Friday, February 26, 2010

The Nine Lives of Tomas Katz (2000)

What makes a film good? The story? The acting? Clever editing, good camera work, impressive lighting or maybe it all boils down to good direction? To me, very often watching a film is only half as interesting as reading about it afterward. I love learning all those quirky facts, like that all the "why was I fired"-scenes in Up in the Air were made by placing an ad in a major newspaper, claiming a documentary about the financial crisis was seeking people who were willing to talk about being let go from their job, on camera. Knowing this fact somehow made the movie all the more enjoyable, even though I didn't know about it when I saw it.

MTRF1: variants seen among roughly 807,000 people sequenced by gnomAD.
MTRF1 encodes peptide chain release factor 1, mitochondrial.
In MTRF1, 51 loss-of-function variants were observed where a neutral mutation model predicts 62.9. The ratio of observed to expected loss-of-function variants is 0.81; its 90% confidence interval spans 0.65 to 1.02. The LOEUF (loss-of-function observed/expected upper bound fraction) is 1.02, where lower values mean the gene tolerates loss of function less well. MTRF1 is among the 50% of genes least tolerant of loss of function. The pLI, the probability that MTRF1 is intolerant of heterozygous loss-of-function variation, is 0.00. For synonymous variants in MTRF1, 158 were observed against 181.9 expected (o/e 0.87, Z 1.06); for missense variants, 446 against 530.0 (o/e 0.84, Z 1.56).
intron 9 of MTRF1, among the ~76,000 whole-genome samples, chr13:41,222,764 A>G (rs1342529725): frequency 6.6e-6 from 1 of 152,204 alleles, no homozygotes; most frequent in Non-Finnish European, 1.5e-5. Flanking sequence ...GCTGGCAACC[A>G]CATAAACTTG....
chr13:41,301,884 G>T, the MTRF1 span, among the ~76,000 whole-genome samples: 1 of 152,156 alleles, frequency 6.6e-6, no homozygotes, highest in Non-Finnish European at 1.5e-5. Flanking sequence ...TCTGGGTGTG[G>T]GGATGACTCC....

So is definitely the case with The Nine Lives of Thomas Katz. When I first saw it, I thought it was mildly interesting, but a bit too weird, even for me. Describing what is about right after you’ve seen it, is not an easy task.

But then, when I later read that pretty much all the film was improvised, I could not help but be amazed. For the filmmakers claim that they had no script. No plan or outline, script notes or storyboard. All they had was vague ideas of where they wanted to film. They got together a crew, drove over there and let a few “actors” do whatever they wanted, in front of the camera. This behind-the-scenes-fact makes the film nothing short but miraculous, and I challenge anyone who thinks different to attempt the same feat for themselves.


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